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Analytical Thinking


Beck N.

Course director

Abagnale B.



We are often confronted with seemingly clear empirical facts that we interpret as obvious causal relations between two or more empirical factors. For example, an increase in revenues of a firm after the change of the CEO is likely to be causally related to the CEO-change. Is this really the case? Or do we have to look for different causes of these relations?
There exist many statistical pitfalls and fallacies that we tend to overlook, or are even unaware of, in everyday life. This course introduces students to these pitfalls and enables them to read statistical arguments critically. Covering key areas of where statistical claims can ‘go wrong’ – that is, where false conclusions tend to be drawn from seemingly self-evident data – the course sharpens students’ analytical capabilities, allowing them to make better decisions in their professional career.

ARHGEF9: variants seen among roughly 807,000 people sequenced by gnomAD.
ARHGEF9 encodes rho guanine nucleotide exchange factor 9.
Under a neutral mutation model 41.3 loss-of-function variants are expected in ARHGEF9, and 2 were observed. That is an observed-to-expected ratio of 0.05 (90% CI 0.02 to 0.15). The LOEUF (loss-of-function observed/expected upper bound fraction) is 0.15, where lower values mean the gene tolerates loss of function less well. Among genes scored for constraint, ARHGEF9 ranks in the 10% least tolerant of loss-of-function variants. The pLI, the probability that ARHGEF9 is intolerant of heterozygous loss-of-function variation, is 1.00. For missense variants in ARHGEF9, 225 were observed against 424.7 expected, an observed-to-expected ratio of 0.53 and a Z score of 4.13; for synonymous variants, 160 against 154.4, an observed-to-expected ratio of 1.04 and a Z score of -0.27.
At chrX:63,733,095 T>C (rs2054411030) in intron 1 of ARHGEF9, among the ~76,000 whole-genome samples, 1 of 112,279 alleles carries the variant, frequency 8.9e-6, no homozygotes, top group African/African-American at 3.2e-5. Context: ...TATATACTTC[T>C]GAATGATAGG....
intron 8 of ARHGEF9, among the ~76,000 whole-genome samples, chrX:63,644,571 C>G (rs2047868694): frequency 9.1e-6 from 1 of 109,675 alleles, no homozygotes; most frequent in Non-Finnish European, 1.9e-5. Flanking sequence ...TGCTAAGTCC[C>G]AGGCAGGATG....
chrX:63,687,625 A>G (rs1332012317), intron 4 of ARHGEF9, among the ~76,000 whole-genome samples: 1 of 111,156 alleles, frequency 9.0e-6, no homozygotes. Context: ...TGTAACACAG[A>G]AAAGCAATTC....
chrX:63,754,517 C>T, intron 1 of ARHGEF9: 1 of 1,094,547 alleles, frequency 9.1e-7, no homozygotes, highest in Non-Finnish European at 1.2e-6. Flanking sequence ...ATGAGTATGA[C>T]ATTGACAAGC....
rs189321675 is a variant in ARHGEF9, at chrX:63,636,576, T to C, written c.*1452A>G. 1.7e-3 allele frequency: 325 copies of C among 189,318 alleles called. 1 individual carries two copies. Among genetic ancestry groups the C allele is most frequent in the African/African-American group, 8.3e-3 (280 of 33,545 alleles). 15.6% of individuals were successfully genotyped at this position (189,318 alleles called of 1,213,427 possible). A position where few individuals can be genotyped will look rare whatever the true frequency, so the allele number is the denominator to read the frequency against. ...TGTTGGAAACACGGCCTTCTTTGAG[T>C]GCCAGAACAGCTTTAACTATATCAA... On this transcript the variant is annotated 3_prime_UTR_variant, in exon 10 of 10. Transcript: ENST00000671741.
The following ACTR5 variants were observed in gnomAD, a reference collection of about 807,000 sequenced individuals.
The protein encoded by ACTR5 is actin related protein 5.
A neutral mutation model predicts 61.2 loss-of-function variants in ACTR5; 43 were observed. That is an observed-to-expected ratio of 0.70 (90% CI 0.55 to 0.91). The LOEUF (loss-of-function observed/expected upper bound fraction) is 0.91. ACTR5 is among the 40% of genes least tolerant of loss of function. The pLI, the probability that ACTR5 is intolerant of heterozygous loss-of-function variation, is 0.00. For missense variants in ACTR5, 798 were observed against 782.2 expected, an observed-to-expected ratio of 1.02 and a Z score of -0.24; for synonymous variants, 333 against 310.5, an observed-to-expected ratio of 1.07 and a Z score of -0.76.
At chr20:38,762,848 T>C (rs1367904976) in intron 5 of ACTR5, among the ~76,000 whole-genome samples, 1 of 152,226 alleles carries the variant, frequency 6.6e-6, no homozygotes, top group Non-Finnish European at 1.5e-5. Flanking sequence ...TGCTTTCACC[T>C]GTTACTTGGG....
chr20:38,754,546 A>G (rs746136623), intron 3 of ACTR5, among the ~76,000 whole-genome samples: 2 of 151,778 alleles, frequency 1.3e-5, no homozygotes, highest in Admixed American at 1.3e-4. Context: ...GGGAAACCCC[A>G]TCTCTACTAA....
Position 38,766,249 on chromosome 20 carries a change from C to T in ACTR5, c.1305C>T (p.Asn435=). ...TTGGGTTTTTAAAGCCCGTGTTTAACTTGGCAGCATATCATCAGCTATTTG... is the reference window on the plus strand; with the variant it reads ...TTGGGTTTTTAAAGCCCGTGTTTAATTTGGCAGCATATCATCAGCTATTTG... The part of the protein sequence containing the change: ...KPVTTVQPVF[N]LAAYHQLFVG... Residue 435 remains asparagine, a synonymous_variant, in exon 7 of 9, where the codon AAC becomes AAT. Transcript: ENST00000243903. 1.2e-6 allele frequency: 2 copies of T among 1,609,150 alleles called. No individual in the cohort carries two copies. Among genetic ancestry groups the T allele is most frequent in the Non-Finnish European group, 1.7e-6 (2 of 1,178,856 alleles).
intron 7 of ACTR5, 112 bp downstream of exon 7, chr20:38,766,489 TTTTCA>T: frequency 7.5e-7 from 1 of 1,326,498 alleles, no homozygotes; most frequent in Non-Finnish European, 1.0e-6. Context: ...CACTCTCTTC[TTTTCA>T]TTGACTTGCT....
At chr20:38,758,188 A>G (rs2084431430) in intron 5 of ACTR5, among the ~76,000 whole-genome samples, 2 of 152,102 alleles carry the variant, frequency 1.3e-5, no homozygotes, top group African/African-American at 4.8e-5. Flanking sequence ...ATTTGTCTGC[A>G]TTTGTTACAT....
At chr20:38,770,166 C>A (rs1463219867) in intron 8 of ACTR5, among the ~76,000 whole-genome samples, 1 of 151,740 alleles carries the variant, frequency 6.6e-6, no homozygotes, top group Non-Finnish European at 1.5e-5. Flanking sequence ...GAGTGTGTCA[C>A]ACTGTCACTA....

• Encouraging students not to take every empirical or statistical claim for granted.
  • Equipping students with the skills to critically evaluate these claims.
  • Using analytical and logical thinking to achieve these goals 
  • Bringing students to do better research.

Teaching mode

In presence

Learning methods

The course consists of seminars. It is a practice-based course, where students participate in experiments or solve in-class exercises, either individually or in small groups.

Attendance is of course appreciated, but not required, except for the group work, see below.

Examination information

  • There will be a final assignment. The final assignment is an exam on the topics discussed in class.
  • There will be an in-class group work
  • Group work counts for 30% of the grade, while the final assignment counts for 70% of the grade